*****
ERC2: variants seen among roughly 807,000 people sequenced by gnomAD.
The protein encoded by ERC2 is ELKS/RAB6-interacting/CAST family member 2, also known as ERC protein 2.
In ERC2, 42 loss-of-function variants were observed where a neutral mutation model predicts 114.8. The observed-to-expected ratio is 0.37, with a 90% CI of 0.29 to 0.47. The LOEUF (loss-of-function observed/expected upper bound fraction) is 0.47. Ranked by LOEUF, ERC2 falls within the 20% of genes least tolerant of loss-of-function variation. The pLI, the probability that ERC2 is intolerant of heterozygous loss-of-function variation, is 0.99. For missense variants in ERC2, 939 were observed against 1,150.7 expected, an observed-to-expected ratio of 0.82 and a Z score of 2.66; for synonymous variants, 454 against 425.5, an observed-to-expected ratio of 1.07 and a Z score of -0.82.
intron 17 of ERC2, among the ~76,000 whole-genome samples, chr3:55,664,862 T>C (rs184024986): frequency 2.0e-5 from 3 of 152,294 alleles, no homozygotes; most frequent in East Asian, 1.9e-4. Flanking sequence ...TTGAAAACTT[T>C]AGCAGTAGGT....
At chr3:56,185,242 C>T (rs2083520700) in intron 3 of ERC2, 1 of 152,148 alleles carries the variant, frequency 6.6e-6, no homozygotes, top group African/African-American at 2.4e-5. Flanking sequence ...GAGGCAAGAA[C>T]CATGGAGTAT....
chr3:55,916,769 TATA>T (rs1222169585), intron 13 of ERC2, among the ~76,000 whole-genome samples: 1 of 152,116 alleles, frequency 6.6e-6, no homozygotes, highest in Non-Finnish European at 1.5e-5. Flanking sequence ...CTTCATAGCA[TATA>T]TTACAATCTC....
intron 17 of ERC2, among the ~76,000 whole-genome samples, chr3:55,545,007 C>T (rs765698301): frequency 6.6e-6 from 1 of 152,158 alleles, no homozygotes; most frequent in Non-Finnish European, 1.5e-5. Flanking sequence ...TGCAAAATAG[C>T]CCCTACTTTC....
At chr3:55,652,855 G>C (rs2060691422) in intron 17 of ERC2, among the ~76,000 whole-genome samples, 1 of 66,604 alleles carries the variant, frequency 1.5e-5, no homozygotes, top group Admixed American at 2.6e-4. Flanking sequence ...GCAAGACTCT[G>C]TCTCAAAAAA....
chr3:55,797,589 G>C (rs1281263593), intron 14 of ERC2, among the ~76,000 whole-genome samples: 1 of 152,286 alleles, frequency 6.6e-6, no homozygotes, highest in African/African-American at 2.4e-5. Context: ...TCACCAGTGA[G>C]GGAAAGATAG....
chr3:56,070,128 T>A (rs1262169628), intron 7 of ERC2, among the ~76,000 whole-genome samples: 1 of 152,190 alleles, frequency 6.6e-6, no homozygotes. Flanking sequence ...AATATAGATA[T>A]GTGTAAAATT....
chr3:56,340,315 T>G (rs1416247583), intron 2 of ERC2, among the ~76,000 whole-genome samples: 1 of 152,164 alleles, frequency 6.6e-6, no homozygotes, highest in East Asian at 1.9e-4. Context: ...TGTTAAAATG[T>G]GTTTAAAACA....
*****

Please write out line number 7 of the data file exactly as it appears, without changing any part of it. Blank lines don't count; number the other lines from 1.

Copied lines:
intron 17 of ERC2, among the ~76,000 whole-genome samples, chr3:55,545,007 C>T (rs765698301): frequency 6.6e-6 from 1 of 152,158 alleles, no homozygotes; most frequent in Non-Finnish European, 1.5e-5. Flanking sequence ...TGCAAAATAG[C>T]CCCTACTTTC....